So, you don’t want to pay child support anymore. What do you need to know?
To start, you should ask yourself the following questions:
1-How old is your child?
2-Does your child attend high school?
3- Does your child work? Full-time or Part-time?
4- Does your college attend college?
5- Does he or she reside with your ex-spouse?
The answers to these questions will determine whether you should file a motion for emancipation.
Let’s say your child is nineteen (19) years old, lives alone, and works full-time. Are you obligated to pay for your child’s support? Given this fact pattern, the answer is ‘no’ because your child is completely independent of you and your ex-spouse. But, if your child has a part-time job and takes college classes, then it becomes a stickier issue.
Ordinarily, the obligation of the parent to support ends when the child reaches full age, although it might continue indefinitely if the child were crippled or unable to support himself. Cohen v. Cohen, 6 N.J. Super. 26 (App. Div. 1949).The New Jersey Appellate Division held there is a presumption of emancipation when a child reaches the age of majority. N.J.S.A. 9:17B-3; Weitzman v. Weitzman, 228 N.J. Super. 346 at 356 (App. Div. 1988). The Court further concluded that parents are not ordinarily under a duty to support children after age of majority. Id. at 355.
If your child is an able-bodied person, then the issue of whether your child support obligation continues after the age of eighteen (18) depends upon whether your child attends college
The reported decisions in this jurisdiction hold that the emancipation of a child occurs when the fundamental dependant relationship between parent and child is terminated. When a child moves beyond the sphere of influence and responsibility exercised by a parent and obtains an independent status on his or her own, generally he or she will be deemed emancipated. Bishop v. Bishop, 287 N.J. Super. at 598.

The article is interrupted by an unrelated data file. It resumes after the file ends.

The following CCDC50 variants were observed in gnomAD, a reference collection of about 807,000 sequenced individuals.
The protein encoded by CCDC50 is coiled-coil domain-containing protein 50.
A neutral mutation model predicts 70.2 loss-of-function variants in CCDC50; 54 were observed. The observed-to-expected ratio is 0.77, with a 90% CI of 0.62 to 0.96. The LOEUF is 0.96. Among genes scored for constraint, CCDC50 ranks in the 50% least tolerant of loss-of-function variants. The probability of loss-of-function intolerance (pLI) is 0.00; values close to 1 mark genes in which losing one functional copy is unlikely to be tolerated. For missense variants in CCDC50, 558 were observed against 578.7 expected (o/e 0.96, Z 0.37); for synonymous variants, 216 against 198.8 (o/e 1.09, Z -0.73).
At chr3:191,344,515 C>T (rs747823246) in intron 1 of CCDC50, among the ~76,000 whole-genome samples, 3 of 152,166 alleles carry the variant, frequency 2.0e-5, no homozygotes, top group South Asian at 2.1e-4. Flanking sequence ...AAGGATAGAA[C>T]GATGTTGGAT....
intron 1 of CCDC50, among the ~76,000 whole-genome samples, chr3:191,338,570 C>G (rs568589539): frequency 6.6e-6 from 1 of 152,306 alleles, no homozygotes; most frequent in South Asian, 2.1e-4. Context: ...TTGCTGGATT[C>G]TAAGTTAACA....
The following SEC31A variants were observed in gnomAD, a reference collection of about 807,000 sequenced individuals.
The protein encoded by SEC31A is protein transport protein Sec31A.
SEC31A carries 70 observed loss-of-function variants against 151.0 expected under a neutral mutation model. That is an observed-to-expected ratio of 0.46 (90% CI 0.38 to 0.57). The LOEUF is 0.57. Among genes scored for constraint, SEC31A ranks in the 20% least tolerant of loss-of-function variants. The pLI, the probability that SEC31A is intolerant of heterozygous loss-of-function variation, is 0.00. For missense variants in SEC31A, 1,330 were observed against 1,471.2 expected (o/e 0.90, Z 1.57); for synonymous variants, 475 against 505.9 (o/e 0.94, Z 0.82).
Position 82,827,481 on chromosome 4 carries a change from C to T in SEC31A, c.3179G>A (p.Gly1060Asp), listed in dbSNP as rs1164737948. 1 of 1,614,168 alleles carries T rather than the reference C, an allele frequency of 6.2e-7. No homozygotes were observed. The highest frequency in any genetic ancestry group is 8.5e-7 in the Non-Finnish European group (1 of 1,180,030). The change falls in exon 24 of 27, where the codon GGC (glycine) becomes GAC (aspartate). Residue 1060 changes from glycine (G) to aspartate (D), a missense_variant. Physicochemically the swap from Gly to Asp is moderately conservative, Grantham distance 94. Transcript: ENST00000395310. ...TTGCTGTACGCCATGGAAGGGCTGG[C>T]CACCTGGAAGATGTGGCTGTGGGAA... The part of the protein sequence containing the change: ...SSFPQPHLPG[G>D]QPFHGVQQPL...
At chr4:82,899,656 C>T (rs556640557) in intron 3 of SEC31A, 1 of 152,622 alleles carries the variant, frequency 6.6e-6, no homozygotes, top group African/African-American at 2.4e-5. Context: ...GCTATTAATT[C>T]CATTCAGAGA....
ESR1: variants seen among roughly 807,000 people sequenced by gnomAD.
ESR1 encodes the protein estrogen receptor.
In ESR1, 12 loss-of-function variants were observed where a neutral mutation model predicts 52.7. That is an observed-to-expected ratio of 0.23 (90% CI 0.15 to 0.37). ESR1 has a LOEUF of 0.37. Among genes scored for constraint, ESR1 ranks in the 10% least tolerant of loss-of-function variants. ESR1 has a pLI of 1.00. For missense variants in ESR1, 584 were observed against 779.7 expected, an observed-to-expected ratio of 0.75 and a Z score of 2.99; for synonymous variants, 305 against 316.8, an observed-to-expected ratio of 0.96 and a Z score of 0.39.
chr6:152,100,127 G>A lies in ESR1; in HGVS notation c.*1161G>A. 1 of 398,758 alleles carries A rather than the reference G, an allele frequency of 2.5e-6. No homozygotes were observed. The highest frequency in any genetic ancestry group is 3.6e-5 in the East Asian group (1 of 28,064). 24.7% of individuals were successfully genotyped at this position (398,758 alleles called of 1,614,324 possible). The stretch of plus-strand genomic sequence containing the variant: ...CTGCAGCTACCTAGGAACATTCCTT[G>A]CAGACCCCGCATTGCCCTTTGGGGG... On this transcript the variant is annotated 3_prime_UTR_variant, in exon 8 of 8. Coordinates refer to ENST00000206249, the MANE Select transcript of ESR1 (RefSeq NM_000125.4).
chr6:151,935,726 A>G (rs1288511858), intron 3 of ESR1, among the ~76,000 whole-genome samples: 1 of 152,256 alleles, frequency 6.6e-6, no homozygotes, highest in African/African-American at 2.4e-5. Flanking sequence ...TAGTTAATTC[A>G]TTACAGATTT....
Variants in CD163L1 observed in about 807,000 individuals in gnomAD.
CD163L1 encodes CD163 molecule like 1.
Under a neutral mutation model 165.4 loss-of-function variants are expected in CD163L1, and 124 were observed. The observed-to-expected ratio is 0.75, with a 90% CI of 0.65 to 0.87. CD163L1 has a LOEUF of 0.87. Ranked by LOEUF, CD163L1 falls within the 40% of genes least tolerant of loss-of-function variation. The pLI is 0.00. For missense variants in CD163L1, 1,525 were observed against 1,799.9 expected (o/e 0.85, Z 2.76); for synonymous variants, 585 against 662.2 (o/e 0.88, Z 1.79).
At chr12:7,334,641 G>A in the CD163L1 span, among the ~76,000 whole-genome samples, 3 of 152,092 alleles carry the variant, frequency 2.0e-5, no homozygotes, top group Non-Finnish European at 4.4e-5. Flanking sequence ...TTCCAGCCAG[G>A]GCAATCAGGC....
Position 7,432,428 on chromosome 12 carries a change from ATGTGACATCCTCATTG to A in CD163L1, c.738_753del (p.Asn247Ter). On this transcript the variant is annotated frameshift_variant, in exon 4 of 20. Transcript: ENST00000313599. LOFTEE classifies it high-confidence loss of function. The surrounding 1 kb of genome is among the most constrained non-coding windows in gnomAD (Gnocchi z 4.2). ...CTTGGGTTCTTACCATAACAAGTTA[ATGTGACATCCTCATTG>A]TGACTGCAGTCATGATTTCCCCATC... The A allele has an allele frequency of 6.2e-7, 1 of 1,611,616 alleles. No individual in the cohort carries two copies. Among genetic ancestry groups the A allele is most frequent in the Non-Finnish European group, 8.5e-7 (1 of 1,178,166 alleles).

In a family where a college education would seem normal, and where the child shows scholastic aptitude and one or other of the parents is well able financially to pay the expense of such an education, we have no doubt the court could order the payment.
Cohen, 6 N.J.Super at 30.
New Jersey Courts often order the non-custodial parent to pay for their child’s college education in the form of child support.
If you are in the process of a divorce and there exists a draft property settlement agreement, it will likely provide for instances in which emanicipation occurs, which will likely include the following: marriage; military status; independent living; and dropping out of school.
Consult with an attorney to address your specific concerns.